10 Fantastic Tips on Being a More Positive Leader

Leaders are charged with a number of things; guiding teams to achieve their objectives, inspiring them, resolving conflict and so much more. In today’s work places, leaders are also charged with creating a healthy workplace culture and one way to do this is to adopt the positive leadership model. 

Positive leaders work to improve positive emotions in their employees. They also model positive behaviours that their teams can replicate. The focus with this leadership style isn’t only the professional development of employees, it also extends to helping them develop their personal abilities.  

Being a more positive leader can yield more productive teams, higher job satisfaction and trust. Here are 10 tips to help you become a more positive leader. 

Bring a sense of purpose to work 

Salary, perks and promotions are great for morale but employees rank purpose from their jobs very highly too. Purpose gives people a reason to do what they do. The belief that their work benefits others is a strong predictor of meaningfulness in the workplace.

Being a more positive leader means being able to help your team see how they contribute to the bigger picture of the business and how their day to day tasks may contribute to the betterment of someone else’s life. 

Show people that you care

A leader who cares checks in on employees, they have conversations and follow up on what matters to those they lead. If employees participate in an amateur soccer league after work or over the weekend, a leader who cares will ask them how the game went.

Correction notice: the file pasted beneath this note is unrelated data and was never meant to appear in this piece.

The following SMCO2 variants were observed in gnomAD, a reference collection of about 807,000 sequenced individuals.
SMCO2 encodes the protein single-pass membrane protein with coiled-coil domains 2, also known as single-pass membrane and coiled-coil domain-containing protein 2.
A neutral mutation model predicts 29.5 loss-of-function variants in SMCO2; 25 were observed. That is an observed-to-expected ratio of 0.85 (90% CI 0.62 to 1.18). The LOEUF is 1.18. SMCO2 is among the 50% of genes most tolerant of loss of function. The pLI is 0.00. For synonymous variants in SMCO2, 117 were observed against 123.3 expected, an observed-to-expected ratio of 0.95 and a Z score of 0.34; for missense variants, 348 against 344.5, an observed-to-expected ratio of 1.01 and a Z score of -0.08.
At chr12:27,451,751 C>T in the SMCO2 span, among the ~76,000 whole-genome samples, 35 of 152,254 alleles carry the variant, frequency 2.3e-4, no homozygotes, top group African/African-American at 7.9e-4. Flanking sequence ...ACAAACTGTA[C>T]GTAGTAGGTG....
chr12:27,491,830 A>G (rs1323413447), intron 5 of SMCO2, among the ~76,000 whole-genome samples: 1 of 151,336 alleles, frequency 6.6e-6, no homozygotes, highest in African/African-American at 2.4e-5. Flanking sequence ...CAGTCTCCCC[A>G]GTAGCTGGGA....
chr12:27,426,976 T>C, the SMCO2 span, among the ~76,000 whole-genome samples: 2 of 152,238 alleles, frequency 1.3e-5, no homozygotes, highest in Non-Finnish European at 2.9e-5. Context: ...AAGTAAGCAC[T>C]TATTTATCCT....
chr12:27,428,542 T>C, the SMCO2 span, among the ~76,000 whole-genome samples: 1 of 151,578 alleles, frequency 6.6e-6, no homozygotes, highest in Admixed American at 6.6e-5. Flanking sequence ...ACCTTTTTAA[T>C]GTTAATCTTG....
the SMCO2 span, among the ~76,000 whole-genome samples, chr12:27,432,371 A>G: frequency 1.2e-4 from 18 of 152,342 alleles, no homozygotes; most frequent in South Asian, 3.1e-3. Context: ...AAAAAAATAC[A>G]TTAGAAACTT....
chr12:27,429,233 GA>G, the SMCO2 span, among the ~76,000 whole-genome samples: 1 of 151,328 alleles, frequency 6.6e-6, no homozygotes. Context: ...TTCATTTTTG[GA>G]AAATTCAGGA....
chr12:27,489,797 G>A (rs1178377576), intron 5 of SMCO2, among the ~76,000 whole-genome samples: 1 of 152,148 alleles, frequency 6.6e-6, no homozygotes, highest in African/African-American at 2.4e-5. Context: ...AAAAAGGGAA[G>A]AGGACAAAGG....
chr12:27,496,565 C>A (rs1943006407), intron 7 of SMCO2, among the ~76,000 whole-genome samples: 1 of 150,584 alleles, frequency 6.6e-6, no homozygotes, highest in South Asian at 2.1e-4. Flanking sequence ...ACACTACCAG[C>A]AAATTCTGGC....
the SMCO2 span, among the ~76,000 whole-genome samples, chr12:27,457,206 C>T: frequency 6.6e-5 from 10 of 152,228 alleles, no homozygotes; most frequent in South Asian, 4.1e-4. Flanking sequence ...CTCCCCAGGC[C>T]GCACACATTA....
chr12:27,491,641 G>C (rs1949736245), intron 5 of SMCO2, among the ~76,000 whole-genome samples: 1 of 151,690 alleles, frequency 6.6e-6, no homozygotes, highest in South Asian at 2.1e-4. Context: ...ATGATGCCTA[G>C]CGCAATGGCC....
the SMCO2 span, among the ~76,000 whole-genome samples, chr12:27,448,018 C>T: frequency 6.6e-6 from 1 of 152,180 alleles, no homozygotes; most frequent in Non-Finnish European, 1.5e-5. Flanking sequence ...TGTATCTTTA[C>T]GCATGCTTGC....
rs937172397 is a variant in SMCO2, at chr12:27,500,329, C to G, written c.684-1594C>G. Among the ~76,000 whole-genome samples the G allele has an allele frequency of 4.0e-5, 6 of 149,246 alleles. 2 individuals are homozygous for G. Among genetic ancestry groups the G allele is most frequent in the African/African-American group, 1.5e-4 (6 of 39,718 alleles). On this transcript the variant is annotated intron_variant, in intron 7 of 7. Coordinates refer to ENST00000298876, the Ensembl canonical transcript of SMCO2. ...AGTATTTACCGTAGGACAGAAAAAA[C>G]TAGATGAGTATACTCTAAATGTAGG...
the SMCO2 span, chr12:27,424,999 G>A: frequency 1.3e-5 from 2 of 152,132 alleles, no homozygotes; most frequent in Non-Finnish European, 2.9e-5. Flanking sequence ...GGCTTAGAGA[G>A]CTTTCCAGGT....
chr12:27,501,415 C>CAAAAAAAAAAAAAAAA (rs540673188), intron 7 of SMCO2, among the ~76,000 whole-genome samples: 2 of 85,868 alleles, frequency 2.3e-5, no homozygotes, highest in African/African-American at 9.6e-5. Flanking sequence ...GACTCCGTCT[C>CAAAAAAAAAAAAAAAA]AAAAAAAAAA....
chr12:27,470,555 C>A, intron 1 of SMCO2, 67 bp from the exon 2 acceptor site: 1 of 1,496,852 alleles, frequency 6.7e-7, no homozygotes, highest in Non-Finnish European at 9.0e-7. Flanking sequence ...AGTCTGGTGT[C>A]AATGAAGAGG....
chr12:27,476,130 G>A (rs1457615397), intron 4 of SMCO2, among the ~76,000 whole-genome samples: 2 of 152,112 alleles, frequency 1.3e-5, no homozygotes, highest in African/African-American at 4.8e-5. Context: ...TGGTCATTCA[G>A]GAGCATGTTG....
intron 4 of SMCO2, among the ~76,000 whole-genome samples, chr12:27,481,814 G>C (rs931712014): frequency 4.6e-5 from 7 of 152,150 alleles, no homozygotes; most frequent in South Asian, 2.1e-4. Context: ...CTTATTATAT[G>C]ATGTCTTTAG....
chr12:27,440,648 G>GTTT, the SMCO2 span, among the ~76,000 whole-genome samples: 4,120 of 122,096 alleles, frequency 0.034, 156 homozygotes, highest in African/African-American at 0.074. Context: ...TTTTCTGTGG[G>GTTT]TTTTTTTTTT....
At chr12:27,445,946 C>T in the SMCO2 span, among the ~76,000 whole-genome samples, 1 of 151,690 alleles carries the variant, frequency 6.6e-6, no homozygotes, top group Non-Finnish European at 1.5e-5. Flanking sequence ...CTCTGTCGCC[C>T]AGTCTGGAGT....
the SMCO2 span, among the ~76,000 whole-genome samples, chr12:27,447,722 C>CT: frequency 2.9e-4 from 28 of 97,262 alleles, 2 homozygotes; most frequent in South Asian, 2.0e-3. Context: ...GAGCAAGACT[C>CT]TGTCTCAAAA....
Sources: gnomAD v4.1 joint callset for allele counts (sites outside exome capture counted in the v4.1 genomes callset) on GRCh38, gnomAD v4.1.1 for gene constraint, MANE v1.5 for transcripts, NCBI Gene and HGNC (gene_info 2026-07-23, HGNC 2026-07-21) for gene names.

This same care extends to how you would deal with situations in the work place. If a mistake is made, a positive leader uses compassion and not blame to get to the bottom of it. 

A positive leader also exhibits care when they give feedback to employees. Their feedback focuses more on an employees’ strengths, rather than on weaknesses.

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According to the corporate leadership council, when a manager’s conversation focuses on an employee’s weaknesses, there is a decline in performance by about 36%. A focus on strengths on the other hand, increases performance by about 27%. 

Be more optimistic 

A cornerstone to being a more positive leader is to lead with optimism. Challenges will arise but you should be able to look for the silver lining. The ability to do so will assure your team and keep them going despite the most difficult situations. 

In tough times, employees look to their leaders for how they too should behave. For instance, if a company were to report poor results for 3 consecutive quarters, it would demoralise staff. This would be the time for a positive leader to share a vision of a positive turn of events. Seeing that their leader is not beaten down would improve staff morale. 

Confront negativity 

Being a more positive leader doesn’t mean ignoring negativity. Negative situations in the workplace can range from a bad experience with a client, inter personal conflicts among team members and bad reviews your business may have received.

Address negativity and give people the tools to deal with it head on and move on. To further empower your people, involve them in finding solutions around these negative aspects.